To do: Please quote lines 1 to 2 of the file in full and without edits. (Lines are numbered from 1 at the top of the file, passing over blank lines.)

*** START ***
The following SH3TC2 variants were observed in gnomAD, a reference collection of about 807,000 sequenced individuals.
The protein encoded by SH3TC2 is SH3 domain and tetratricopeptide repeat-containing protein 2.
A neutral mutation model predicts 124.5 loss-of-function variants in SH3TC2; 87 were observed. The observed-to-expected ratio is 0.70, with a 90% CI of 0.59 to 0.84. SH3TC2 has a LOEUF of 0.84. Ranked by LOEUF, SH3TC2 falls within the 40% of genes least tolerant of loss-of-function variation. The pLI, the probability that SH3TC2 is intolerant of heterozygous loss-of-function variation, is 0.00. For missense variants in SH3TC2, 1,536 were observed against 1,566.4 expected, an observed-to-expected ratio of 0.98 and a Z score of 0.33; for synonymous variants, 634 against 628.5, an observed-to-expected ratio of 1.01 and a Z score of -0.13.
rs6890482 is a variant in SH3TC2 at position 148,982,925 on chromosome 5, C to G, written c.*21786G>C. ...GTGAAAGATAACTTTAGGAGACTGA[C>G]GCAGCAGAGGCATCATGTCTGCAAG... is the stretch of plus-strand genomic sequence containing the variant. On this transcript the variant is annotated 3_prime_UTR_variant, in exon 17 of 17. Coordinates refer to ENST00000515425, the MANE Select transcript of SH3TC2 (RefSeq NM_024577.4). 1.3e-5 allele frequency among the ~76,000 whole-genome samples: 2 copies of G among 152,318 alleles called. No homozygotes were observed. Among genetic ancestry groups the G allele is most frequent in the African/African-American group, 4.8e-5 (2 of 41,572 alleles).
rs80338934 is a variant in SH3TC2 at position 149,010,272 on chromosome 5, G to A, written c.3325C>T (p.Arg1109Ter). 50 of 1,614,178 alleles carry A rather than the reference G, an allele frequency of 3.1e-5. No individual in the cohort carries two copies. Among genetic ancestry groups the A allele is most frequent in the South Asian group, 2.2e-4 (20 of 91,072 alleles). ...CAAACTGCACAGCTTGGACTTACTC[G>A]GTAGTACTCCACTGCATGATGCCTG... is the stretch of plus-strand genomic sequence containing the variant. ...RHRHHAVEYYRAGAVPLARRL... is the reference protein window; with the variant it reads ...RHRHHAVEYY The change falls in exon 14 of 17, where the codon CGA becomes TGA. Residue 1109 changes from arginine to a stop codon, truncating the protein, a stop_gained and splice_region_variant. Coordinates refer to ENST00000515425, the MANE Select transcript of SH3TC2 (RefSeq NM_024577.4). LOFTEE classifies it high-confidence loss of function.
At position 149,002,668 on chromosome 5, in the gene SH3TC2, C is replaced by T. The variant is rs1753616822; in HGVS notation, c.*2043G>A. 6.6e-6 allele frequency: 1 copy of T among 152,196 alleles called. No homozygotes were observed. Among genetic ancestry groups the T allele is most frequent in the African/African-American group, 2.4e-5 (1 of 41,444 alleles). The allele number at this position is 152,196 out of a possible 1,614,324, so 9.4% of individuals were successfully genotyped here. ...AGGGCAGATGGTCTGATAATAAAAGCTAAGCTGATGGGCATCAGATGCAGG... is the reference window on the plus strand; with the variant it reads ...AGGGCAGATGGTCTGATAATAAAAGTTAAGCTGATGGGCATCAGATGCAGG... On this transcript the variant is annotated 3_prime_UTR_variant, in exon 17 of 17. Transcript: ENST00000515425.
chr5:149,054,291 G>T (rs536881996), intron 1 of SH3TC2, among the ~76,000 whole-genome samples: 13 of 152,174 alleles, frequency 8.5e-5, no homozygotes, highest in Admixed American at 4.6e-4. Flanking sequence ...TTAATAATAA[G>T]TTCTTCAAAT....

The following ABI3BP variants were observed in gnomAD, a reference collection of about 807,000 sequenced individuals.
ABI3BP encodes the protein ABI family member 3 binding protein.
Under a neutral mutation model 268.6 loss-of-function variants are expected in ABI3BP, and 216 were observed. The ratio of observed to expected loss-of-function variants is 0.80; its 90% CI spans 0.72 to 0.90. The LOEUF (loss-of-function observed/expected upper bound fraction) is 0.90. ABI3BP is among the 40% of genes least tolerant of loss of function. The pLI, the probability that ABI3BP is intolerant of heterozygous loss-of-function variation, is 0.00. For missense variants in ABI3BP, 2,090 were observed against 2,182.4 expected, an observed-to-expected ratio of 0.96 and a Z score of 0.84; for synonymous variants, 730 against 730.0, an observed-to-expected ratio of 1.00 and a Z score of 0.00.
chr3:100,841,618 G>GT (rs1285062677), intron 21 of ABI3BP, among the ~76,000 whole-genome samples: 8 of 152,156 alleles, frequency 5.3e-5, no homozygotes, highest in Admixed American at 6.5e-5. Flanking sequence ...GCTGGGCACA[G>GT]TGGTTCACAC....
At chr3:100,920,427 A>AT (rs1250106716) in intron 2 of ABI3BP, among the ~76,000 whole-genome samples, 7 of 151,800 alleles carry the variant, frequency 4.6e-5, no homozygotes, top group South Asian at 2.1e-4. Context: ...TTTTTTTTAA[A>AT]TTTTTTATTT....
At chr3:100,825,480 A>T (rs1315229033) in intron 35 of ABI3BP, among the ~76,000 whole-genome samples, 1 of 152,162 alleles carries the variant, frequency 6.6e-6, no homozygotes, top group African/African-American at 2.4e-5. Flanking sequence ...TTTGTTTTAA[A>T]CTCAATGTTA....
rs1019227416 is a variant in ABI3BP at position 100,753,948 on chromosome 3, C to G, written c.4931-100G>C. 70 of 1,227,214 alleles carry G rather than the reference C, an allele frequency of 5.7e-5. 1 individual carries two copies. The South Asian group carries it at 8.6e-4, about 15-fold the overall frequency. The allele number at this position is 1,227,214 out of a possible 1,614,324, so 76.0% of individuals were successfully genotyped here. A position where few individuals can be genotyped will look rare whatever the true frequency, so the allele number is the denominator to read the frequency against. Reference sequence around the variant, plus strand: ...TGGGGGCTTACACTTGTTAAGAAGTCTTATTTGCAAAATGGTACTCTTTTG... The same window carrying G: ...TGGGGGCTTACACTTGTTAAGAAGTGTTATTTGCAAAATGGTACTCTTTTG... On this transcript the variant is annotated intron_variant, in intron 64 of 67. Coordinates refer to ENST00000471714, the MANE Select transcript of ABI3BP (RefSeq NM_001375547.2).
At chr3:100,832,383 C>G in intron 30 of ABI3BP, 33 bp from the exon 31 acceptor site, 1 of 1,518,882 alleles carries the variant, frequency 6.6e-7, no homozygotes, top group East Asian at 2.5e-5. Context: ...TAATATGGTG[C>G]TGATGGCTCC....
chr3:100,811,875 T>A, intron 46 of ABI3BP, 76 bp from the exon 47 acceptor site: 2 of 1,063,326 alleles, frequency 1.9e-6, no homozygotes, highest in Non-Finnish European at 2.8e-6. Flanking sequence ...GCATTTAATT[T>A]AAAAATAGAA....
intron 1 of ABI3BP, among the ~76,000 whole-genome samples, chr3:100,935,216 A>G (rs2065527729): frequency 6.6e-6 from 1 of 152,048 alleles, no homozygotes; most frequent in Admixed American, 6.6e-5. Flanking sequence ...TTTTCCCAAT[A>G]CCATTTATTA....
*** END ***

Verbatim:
The following SH3TC2 variants were observed in gnomAD, a reference collection of about 807,000 sequenced individuals.
The protein encoded by SH3TC2 is SH3 domain and tetratricopeptide repeat-containing protein 2.